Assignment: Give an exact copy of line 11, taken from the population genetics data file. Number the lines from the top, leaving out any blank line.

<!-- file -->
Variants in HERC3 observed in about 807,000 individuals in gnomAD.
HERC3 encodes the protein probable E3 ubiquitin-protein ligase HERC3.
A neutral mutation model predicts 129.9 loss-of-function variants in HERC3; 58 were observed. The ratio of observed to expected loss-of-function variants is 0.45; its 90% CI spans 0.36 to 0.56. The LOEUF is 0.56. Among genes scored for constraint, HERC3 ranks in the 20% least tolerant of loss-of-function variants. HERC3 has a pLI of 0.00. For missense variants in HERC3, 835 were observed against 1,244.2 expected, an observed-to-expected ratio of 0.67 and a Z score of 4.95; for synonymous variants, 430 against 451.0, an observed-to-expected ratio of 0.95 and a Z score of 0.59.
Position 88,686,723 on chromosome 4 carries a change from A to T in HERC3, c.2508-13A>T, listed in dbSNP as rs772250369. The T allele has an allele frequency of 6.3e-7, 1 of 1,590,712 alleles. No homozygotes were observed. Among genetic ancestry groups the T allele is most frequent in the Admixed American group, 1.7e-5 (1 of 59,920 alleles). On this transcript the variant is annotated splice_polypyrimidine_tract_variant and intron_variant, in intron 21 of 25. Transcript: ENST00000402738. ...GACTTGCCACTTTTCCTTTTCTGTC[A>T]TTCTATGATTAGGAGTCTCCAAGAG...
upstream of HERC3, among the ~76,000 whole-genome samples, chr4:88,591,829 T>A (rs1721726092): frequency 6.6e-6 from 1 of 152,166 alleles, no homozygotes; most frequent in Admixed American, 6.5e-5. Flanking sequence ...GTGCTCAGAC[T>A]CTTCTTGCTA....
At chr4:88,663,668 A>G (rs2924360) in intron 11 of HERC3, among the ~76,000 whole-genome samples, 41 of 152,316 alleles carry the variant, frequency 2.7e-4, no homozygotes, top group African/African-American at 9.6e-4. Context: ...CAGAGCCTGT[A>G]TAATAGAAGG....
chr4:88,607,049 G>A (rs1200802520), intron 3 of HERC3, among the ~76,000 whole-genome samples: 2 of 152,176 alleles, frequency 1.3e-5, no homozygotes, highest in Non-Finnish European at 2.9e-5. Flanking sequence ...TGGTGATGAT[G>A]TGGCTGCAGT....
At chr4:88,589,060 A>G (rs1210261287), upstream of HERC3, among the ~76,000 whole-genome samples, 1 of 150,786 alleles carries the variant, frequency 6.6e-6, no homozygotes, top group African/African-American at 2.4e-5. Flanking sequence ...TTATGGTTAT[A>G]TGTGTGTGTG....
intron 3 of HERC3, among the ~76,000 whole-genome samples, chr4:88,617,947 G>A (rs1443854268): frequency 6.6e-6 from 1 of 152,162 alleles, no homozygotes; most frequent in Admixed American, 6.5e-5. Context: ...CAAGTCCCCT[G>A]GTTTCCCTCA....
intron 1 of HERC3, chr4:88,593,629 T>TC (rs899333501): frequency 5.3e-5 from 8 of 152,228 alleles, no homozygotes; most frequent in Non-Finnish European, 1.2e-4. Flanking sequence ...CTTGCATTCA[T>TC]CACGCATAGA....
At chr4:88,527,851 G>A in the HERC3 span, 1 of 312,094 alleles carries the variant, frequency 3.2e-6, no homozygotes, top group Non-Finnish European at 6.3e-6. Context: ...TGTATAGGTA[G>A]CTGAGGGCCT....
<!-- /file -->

At chr4:88,527,851 G>A in the HERC3 span, 1 of 312,094 alleles carries the variant, frequency 3.2e-6, no homozygotes, top group Non-Finnish European at 6.3e-6. Context: ...TGTATAGGTA[G>A]CTGAGGGCCT....